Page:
Lumiere Cinema - the Arts Centre, Christchurch

11/05/2021 - 15/05/2021

Production Details

Inspired by the popular cultural phenomenon, The Addams Family.

The Addams is a short film from Many Hats Theatre company; a small group of performers with intellectual disabilities.

The film explores the story of how the company prepared for a live theatre event during the year of COVID.

It will be screened at
The Lumiere Cinema in the Arts Centre, Christchurch.
11 May 2021 at 5.30pm – Premiere
14th May 2021 at 1pm
15th May 2021 at 1pm and 5.30pm
Tickets can be purchased via EventFinda through Lumiere Cinemas;
Tickets will be $10 + $1.50 booking fee.
Tickets also available from the box office.

(Cinema hosts around 72 seats for one sitting.)

To learn more about Many Hats:

Theatre , Film ,

Tue (Premiere), Fri, Sat only

A playful film about the spooky, ooky creative process

Review by Erin Harrington 12th May 2021

The Addams is a short film that highlights truth in the adage that ‘the show must go on’. The engaging and funny 30-minute short chronicles the work of Many Hats, a theatre company made up of adults with intellectual disabilities, as they prepare a theatre production based on The Addams Family. However, like every other creative undertaking in 2020, the show is impacted by the effects of the pandemic and the challenges of lockdowns. This requires requires some creative course correction late in the game.

Since its inception in 2014, emerging from drama classes offered by charitable organisation Skillwise, Many Hats has combined live performance with video work. This chronicles the creative process, and importantly puts the camera in the hands of the performers so that they can make their own video content. You can see this playful self-referential work on their YouTube channel.

The Addams continues this kaupapa. It offers insight into the nuts and bolts of the process of devising and staging a show, from script development and cast wrangling, to diving through piles of costumes and running makeup tests. There’s also some neat running gags, in particular the importance of food and community as the producer-performers bounce between cafés, debating the finer points of characterisation as much as the benefits of baked goods.

The cast of this piece – Emily, Emma, Ben, Ashleigh, Peter, and Michael – are performers and creators, directors and talent, such that fiction and reality blur. Regular Ōtautahi theatre-goers will also recognise some of the cast from the excellent productions devised by the theatre company A Different Light. In that context it’s even more of a pleasure to see behind the scenes, and to better understand the specific context of a mixed-ability production.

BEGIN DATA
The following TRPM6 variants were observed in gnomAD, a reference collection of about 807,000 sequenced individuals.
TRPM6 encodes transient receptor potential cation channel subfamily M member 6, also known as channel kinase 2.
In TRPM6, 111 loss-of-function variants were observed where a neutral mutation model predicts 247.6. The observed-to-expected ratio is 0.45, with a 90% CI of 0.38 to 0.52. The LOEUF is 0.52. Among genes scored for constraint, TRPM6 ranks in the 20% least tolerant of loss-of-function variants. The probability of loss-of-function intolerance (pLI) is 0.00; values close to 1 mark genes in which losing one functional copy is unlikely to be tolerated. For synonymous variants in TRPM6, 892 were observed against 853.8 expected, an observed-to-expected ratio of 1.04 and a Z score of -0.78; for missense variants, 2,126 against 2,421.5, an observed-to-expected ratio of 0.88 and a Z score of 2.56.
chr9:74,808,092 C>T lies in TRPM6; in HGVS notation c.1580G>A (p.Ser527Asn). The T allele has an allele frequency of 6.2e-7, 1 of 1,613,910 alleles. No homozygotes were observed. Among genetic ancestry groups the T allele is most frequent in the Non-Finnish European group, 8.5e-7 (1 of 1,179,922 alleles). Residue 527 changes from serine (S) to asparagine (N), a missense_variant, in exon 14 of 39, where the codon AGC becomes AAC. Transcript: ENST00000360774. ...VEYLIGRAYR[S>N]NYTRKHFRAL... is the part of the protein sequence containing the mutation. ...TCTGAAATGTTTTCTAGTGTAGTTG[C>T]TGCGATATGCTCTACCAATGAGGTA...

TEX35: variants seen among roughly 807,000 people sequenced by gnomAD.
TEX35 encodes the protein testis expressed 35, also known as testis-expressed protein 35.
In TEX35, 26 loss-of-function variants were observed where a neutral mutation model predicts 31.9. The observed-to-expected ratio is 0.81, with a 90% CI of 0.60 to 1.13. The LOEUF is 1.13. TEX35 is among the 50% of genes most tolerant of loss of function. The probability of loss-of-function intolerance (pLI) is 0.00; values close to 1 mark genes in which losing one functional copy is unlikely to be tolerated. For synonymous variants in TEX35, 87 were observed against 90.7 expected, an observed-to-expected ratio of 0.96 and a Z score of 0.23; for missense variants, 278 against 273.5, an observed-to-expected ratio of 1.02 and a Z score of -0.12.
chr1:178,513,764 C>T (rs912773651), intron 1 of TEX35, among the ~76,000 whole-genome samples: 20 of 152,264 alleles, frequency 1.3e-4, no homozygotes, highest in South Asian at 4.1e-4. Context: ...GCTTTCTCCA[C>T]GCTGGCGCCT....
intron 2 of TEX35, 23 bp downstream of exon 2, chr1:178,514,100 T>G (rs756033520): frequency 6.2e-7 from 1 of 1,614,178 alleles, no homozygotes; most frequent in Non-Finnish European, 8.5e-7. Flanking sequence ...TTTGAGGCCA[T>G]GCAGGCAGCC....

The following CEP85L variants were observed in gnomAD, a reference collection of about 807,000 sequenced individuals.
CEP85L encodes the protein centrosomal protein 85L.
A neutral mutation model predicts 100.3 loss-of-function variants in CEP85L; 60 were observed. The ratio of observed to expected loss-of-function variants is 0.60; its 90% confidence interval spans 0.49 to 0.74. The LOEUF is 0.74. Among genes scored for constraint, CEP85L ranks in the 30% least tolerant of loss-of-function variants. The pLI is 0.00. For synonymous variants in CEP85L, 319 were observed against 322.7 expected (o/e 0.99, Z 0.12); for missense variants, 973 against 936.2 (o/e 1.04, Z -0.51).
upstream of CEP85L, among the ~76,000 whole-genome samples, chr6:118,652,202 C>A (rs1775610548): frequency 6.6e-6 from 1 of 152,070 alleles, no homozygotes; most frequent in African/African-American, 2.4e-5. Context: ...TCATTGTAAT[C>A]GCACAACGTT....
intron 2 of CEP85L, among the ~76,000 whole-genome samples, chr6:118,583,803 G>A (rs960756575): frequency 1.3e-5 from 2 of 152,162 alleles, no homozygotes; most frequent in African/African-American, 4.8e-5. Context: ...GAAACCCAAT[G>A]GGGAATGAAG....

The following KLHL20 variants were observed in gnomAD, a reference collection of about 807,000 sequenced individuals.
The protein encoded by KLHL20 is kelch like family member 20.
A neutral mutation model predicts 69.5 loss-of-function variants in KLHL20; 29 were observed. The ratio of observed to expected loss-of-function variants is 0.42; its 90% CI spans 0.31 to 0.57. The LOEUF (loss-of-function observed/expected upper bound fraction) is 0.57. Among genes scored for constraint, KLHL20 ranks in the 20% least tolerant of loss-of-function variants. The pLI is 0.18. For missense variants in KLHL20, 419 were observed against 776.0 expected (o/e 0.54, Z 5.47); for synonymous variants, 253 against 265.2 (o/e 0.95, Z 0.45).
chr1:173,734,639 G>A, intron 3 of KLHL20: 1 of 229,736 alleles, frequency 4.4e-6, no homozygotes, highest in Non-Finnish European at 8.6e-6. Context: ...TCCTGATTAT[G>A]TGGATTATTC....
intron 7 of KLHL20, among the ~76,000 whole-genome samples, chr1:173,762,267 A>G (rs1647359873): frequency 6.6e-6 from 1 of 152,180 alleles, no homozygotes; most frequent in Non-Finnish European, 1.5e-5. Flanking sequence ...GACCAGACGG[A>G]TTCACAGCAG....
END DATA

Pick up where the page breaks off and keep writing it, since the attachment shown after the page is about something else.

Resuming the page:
From a cinematic perspective, the film generally looks and sounds pretty good up on the big screen of the cinema at the Lumière. I appreciate sequences with a lot of extreme close ups of performers talking to camera, narrating their experiences of the show and its connections to their broader lives.

It’s a funny and charming film – and The Addams also highlights the patient and caring work of a range of support staff. These include everyone form administrators and drivers through to artistic facilitators, all of whom work hard to make the production as enriching an experience, and product, as possible. I see in the credits that the project has been the beneficiary of some charitable support, and I hope that this film is able to highlight the importance of these sorts of creative endeavours to funders.

I also love that I’m able to experience this film at a friends and family preview screening, to be welcomed in by the performers themselves, and to see first responses to the finished product.

There’s a twist near the end – for me, at least, as someone with no relationship to the performers or their production context – which recasts the film’s narrative and purpose in a satisfying manner. When lockdowns impact their work they have to bend their creative energies to something else, drawing from current expertise and developing new skills in the process.

As such, the film becomes as much a metatextual account of performance and theatricality, as it is as an insightful, enlightening document of the profound worth of arts for all.

[This review was solicited and first published in]


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